Sir Alex Ferguson's medical records accessed illegally
Medical records of Sir Alex Ferguson accessed illegally | Medics access former football manager's medical records out of "personal curiosity".
Staff at a Manchester hospital are under investigation for allegedly accessing Sir Alex Ferguson's medical records while he was there. Sir Alex had undergone emergency surgery on 5 May, following a brain haemorrhage. The former Manchester United manager was in intensive care until being discharged in June.
Unauthorised access to medical records
The investigation is believed to involve two doctors, two nurses, and a senior medical consultant, at Salford Royal Hospital. None of these medics were involved in Sir Alex's care, and therefore were not authorised to access his medical records.
Salford Royal NHS Trust would not confirm the identity of the patient involved, but said an "HR process" was ongoing. The trust also said it had “reported the alleged breaches to the Information Commissioner's Office” (ICO).
Dr Chris Brookes, chief medical officer for the Northern Care Alliance NHS Group, which runs Salford Royal, said:
We can confirm that a number of staff who work at Salford Royal are currently subject to investigation in relation to an information governance breach. All of our patients have the right to expect that their information will be looked after securely and accessed appropriately. We take patient confidentiality extremely seriously ... and will take the appropriate action to ensure staff understand the seriousness of unauthorised access.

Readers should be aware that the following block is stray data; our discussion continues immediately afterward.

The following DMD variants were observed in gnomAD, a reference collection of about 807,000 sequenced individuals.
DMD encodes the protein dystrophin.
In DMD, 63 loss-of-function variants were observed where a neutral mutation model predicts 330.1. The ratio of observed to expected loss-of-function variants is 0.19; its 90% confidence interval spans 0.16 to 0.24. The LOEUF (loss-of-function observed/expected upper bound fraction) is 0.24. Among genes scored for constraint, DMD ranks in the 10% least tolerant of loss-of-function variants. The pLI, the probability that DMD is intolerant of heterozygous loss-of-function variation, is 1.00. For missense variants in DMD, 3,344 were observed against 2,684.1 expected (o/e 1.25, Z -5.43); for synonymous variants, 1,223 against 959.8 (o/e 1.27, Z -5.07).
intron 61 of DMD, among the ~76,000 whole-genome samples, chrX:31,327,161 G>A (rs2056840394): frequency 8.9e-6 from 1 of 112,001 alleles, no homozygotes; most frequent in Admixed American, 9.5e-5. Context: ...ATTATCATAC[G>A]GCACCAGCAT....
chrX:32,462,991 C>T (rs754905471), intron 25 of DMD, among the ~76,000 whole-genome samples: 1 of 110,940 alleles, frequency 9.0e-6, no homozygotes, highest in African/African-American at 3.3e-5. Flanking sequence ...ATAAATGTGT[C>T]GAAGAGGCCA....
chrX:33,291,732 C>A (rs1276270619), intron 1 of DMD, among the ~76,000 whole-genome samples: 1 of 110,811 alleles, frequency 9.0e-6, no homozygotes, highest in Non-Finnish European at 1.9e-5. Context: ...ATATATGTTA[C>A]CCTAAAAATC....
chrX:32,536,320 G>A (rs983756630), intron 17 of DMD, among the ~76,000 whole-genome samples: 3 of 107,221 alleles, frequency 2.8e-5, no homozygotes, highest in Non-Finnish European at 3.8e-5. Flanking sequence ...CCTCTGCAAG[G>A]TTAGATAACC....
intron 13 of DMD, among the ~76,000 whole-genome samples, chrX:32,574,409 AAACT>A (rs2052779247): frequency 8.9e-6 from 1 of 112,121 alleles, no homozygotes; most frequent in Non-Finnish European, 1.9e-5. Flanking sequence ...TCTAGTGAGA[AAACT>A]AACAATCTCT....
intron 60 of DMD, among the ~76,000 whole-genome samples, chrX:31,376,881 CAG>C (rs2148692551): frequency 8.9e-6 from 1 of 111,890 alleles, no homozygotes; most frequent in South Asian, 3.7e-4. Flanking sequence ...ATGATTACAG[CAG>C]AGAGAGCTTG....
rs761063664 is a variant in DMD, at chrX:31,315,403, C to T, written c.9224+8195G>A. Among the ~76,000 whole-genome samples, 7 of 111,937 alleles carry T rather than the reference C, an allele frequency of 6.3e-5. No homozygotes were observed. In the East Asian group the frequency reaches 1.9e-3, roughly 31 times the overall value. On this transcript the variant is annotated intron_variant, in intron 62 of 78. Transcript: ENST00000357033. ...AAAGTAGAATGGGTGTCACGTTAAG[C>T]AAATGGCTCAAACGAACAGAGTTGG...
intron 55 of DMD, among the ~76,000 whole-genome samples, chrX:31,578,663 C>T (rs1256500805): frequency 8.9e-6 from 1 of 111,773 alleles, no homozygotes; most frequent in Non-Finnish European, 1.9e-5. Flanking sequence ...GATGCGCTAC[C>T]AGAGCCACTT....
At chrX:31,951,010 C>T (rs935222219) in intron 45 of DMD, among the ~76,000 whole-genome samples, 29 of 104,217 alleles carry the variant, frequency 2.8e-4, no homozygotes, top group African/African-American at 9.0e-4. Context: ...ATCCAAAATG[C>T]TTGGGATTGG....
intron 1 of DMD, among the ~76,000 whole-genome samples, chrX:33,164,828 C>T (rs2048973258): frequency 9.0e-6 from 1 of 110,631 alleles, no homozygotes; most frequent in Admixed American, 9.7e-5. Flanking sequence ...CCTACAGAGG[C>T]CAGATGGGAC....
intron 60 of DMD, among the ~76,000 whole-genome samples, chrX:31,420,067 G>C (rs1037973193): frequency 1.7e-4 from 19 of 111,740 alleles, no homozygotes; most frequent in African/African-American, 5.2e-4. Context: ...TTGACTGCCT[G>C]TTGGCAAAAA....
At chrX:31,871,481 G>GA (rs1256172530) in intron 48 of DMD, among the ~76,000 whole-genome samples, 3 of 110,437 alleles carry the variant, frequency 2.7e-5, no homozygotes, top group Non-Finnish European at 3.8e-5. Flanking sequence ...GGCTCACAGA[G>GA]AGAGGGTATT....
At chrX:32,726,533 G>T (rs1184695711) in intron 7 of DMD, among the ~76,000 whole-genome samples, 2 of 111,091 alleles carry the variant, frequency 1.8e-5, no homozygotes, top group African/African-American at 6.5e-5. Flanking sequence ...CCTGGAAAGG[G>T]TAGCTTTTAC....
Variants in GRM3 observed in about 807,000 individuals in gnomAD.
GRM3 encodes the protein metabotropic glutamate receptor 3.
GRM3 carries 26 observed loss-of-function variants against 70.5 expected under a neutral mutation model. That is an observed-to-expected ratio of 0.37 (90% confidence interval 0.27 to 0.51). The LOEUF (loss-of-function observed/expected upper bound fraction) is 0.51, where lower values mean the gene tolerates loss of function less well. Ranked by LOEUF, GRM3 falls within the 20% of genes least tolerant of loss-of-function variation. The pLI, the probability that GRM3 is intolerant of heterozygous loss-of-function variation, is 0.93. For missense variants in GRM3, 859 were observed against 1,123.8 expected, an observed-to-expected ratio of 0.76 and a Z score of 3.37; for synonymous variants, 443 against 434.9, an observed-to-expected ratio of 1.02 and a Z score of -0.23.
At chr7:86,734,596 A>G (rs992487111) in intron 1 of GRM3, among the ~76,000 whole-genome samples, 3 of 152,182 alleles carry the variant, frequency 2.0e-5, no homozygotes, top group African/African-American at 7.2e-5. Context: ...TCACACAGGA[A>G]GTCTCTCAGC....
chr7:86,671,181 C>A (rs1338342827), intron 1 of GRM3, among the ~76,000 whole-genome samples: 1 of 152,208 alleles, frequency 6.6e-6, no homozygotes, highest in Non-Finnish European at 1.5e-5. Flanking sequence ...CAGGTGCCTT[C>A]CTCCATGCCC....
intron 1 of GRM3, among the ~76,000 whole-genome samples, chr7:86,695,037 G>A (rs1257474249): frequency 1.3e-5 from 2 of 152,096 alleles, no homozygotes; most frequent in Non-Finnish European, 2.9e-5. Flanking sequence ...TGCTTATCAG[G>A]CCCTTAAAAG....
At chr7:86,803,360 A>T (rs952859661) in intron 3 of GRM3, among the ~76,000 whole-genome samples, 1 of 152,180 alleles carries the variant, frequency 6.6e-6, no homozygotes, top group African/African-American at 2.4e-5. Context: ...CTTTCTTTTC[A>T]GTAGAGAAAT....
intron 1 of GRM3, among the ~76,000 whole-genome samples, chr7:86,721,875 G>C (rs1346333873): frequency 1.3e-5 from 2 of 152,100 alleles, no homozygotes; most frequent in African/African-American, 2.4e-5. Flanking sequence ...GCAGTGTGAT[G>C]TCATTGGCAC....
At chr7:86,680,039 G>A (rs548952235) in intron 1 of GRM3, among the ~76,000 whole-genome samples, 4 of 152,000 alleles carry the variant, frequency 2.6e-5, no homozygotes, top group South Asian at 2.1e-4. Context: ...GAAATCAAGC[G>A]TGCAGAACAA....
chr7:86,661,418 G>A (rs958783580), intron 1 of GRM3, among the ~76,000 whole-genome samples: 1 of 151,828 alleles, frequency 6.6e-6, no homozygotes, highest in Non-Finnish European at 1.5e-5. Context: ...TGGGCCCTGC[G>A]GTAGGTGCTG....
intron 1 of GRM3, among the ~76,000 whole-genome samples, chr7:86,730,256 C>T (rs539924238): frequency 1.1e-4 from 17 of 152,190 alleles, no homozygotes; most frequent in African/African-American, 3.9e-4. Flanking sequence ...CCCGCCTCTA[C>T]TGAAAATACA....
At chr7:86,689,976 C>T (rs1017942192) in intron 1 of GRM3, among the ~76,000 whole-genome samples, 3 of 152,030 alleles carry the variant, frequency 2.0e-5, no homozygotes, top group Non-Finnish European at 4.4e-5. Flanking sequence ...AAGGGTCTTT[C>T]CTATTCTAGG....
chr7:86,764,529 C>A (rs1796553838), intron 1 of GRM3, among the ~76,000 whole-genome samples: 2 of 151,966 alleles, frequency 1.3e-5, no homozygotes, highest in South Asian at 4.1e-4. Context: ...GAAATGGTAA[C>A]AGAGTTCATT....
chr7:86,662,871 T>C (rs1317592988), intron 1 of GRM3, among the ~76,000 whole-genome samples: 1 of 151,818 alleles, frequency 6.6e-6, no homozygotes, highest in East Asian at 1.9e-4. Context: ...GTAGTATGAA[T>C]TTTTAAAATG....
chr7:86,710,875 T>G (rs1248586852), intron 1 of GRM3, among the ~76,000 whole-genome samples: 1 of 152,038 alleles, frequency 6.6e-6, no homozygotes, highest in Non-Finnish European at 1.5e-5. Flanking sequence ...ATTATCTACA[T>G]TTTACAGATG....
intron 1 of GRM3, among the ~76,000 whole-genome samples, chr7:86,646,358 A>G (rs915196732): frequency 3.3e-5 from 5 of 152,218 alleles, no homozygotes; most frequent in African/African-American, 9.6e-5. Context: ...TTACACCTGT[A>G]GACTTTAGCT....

If allegations are found to be true, the staff would be in breach of patient confidentiality and data protection laws.
Salford Royal reportedly contacted Sir Alex, 76, to apologise 'unreservedly to the patient and their family.' In 2017, the ICO publicly warned NHS staff about the "potentially serious consequences of prying into patients' medical records without a valid reason". According to the ICO, four NHS staff have been prosecuted or fined since, for accessing patient's medical information without authorisation. Sources and credits: BBC News, Daily Mail
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